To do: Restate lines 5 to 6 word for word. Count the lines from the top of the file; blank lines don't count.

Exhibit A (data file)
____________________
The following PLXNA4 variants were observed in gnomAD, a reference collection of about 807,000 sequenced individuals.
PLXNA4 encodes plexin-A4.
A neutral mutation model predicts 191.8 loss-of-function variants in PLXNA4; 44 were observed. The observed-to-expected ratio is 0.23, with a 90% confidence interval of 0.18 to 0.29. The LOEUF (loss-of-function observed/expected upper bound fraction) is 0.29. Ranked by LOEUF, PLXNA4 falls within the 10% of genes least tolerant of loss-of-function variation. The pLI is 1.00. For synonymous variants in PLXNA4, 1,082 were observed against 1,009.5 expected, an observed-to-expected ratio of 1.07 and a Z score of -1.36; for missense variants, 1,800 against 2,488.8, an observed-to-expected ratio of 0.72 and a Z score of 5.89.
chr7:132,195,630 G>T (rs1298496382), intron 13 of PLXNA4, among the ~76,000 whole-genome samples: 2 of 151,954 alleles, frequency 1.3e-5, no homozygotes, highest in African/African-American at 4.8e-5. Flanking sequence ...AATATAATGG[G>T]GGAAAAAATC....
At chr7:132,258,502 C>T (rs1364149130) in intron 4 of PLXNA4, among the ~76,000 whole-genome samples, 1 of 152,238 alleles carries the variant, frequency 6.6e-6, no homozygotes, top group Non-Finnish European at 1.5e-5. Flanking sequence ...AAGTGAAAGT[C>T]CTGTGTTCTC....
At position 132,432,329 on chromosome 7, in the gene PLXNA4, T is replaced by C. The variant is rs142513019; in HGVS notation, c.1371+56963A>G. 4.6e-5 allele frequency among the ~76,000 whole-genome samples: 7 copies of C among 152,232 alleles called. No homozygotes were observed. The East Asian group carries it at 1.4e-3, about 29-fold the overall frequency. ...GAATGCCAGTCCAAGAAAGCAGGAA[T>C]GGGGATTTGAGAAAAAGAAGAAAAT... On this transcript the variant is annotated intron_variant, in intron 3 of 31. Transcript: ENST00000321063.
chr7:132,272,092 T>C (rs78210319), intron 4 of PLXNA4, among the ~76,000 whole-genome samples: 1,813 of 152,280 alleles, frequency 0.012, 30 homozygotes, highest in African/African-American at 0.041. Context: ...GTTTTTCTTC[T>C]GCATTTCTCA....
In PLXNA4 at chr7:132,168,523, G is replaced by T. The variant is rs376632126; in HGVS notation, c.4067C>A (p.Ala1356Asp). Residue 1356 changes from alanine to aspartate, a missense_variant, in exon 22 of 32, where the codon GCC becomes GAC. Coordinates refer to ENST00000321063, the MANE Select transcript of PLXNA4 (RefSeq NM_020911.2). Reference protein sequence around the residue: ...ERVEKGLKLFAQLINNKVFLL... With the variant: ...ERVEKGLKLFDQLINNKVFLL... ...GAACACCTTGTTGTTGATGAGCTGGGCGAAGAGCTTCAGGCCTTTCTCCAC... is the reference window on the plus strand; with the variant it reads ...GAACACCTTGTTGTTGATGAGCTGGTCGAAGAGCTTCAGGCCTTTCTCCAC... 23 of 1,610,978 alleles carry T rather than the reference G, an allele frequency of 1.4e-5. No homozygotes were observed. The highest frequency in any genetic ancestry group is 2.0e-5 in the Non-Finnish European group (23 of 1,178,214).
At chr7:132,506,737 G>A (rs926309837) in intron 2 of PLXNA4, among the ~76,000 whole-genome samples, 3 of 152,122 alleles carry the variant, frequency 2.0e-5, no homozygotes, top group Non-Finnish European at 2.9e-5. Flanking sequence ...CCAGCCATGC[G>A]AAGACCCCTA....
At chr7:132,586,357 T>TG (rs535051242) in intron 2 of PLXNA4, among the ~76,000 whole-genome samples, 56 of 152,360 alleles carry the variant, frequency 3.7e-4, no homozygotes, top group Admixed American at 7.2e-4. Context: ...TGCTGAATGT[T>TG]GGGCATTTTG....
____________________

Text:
At chr7:132,258,502 C>T (rs1364149130) in intron 4 of PLXNA4, among the ~76,000 whole-genome samples, 1 of 152,238 alleles carries the variant, frequency 6.6e-6, no homozygotes, top group Non-Finnish European at 1.5e-5. Flanking sequence ...AAGTGAAAGT[C>T]CTGTGTTCTC....
At position 132,432,329 on chromosome 7, in the gene PLXNA4, T is replaced by C. The variant is rs142513019; in HGVS notation, c.1371+56963A>G. 4.6e-5 allele frequency among the ~76,000 whole-genome samples: 7 copies of C among 152,232 alleles called. No homozygotes were observed. The East Asian group carries it at 1.4e-3, about 29-fold the overall frequency. ...GAATGCCAGTCCAAGAAAGCAGGAA[T>C]GGGGATTTGAGAAAAAGAAGAAAAT... On this transcript the variant is annotated intron_variant, in intron 3 of 31. Transcript: ENST00000321063.